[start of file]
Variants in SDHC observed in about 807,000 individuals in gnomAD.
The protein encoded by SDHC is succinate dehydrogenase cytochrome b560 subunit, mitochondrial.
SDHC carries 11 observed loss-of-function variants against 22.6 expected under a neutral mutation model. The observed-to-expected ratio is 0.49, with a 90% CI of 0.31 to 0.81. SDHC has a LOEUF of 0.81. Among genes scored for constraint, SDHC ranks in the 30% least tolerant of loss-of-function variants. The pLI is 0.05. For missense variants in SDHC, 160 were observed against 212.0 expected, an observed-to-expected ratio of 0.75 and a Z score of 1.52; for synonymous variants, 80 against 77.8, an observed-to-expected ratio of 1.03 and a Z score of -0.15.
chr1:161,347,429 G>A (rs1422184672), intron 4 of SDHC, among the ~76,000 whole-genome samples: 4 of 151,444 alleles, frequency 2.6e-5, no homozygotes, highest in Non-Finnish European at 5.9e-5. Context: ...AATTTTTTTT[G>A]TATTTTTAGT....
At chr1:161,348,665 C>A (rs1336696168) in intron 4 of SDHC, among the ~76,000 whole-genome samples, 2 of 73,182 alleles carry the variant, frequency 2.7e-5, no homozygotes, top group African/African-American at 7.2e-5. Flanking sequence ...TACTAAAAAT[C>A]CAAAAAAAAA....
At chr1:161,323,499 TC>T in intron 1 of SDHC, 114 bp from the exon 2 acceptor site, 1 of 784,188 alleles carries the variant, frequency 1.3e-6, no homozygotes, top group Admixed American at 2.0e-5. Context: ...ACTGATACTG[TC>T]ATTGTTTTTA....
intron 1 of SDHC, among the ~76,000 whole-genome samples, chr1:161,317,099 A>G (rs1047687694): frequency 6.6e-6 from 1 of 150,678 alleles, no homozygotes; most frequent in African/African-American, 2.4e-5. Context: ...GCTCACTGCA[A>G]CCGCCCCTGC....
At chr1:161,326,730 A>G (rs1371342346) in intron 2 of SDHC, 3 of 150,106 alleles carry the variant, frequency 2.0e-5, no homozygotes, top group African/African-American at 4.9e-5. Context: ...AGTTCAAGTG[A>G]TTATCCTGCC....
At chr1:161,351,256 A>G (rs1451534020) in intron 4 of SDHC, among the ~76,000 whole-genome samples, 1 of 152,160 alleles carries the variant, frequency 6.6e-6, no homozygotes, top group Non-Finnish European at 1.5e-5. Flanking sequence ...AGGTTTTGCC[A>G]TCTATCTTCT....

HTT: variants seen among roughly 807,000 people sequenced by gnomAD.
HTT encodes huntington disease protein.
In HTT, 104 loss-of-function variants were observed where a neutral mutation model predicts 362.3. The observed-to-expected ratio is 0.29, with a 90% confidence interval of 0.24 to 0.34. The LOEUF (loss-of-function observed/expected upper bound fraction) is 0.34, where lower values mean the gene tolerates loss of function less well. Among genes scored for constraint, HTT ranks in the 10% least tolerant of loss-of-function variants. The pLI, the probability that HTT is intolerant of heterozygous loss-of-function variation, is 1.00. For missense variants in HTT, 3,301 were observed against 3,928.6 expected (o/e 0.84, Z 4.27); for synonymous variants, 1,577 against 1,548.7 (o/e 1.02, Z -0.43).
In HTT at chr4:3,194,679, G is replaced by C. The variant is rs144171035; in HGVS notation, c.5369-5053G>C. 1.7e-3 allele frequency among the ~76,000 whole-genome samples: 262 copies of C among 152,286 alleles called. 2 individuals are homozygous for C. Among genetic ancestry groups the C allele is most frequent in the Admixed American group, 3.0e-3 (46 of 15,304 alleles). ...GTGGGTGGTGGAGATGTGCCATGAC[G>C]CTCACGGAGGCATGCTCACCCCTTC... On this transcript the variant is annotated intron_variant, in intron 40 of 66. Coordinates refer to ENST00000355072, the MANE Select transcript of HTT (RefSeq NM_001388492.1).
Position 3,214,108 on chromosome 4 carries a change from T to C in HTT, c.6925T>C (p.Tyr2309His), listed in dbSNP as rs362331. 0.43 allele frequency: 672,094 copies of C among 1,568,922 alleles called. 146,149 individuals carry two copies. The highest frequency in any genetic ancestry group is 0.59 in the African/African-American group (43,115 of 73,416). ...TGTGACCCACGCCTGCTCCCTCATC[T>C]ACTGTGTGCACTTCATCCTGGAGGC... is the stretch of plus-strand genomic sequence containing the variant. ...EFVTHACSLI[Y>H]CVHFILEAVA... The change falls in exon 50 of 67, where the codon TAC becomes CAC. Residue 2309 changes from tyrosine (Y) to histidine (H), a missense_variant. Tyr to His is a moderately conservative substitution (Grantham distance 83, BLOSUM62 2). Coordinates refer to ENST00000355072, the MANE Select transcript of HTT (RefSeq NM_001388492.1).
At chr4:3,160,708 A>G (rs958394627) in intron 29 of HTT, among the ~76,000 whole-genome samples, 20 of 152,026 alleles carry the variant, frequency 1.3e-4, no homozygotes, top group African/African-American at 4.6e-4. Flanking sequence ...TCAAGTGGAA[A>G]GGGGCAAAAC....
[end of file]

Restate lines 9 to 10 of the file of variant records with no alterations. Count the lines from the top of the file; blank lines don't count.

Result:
At chr1:161,351,256 A>G (rs1451534020) in intron 4 of SDHC, among the ~76,000 whole-genome samples, 1 of 152,160 alleles carries the variant, frequency 6.6e-6, no homozygotes, top group Non-Finnish European at 1.5e-5. Flanking sequence ...AGGTTTTGCC[A>G]TCTATCTTCT....

HTT: variants seen among roughly 807,000 people sequenced by gnomAD.